Ali, W.H., 2019. *Dynamically Orthogonal Equations for Stochastic Underwater Sound Propagation*. SM Thesis, Massachusetts Institute of Technology, Mechanical Engineering, September 2019.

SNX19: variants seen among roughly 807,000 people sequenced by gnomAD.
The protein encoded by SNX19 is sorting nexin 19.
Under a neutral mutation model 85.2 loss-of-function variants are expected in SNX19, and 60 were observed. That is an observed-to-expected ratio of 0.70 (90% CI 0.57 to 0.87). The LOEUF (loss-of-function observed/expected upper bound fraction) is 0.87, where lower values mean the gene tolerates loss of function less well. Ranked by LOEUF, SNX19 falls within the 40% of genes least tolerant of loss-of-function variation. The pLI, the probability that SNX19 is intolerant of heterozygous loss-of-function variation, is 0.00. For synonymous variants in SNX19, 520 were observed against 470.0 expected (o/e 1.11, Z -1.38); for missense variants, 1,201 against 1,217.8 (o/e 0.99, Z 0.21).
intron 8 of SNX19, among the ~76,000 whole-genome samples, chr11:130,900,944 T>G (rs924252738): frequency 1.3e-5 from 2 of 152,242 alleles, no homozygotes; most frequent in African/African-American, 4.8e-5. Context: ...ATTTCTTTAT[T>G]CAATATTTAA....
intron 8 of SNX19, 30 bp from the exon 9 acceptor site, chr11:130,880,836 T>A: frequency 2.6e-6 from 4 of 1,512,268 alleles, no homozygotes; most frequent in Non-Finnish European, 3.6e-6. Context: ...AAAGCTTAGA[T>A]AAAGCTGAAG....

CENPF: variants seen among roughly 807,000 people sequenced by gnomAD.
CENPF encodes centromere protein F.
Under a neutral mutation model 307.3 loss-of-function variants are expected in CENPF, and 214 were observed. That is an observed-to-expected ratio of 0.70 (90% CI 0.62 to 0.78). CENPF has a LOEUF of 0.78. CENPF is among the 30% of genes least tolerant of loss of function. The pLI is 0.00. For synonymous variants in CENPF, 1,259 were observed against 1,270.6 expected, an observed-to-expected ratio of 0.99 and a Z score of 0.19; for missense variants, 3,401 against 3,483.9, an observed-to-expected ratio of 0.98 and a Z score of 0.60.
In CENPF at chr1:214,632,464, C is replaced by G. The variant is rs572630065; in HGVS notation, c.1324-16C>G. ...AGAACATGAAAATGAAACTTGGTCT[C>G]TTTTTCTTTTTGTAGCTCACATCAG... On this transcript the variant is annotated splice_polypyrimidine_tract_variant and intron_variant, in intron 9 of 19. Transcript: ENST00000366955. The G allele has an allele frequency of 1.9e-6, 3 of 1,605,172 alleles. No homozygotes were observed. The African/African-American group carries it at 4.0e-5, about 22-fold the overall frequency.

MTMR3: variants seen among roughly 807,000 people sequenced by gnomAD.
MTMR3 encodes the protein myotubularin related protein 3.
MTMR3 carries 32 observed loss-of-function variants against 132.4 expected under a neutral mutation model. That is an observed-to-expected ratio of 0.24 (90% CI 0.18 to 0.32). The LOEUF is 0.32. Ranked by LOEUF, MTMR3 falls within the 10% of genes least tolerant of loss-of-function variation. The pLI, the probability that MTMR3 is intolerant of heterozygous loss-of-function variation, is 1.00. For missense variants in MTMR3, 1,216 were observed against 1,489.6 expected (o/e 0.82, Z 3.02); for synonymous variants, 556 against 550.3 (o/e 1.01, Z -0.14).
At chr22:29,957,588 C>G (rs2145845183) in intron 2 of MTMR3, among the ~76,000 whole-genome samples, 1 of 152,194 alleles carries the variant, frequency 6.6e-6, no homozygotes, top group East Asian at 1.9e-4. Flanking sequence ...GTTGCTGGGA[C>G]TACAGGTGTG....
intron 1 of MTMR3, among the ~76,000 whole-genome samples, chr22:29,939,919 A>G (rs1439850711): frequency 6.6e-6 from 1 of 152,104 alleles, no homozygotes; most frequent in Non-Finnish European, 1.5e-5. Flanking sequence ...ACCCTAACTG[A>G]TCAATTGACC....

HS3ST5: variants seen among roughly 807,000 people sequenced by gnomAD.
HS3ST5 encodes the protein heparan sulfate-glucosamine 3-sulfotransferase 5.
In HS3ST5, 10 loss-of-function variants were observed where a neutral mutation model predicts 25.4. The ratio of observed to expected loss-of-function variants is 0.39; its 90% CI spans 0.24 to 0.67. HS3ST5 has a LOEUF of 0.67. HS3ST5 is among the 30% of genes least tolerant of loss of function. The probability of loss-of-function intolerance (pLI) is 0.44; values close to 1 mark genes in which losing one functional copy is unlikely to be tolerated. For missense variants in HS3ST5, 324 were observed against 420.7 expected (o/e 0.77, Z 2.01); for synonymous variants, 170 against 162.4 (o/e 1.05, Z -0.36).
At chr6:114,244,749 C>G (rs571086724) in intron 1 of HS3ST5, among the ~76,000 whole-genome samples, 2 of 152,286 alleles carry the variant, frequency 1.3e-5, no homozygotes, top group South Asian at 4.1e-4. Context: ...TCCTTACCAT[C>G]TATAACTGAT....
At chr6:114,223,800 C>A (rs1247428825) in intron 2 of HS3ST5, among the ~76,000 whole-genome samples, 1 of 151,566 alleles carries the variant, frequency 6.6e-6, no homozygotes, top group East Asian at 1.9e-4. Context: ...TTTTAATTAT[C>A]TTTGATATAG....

Grand challenges in ocean acoustic propagation are to accurately capture the dynamic environmental uncertainties and to predict the evolving probability density function of stochastic acoustic waves. This is due to the complex ocean physics and acoustics dynamics, nonlinearities, multiple scales, and large dimensions. There are several sources of uncertainty including: the initial and boundary conditions of the ocean physics and acoustic dynamics, the bathymetry and seabed fields; the models parameters; and, the models themselves. In the present work, we start addressing these challenges by deriving, implementing and verifying new optimally-reduced Dynamically Orthogonal (DO) differential equations that govern the propagation of stochastic acoustic waves for underwater sound propagation in an uncertain ocean environment. The developed methodology allows modeling environmental uncertainties in a rigorous probabilistic framework and predicting the uncertainties of acoustic fields, fully respecting the nonlinear governing equations and non-Gaussian statistics of the sound speed and acoustic state variables. The methodology is applied to the standard narrow-angle parabolic equation and is utilized to predict acoustic field uncertainties for three new stochastic idealized test cases: (1) an uncertain Pekeris waveguide with penetrable bottom, (2) an uncertain horizontal interface problem, and (3) an uncertain range-dependent sloping interface problem. For the first case, the solutions of the DO acoustic equations are validated against those obtained using standard Monte Carlo sampling. The second test case showcases results for predicting acoustic field probabilities due to uncertainties in the location of a sound speed channel. For the third test case, the advantages of the DO acoustic equations in predicting uncertainties in complex range-dependent environments are highlighted.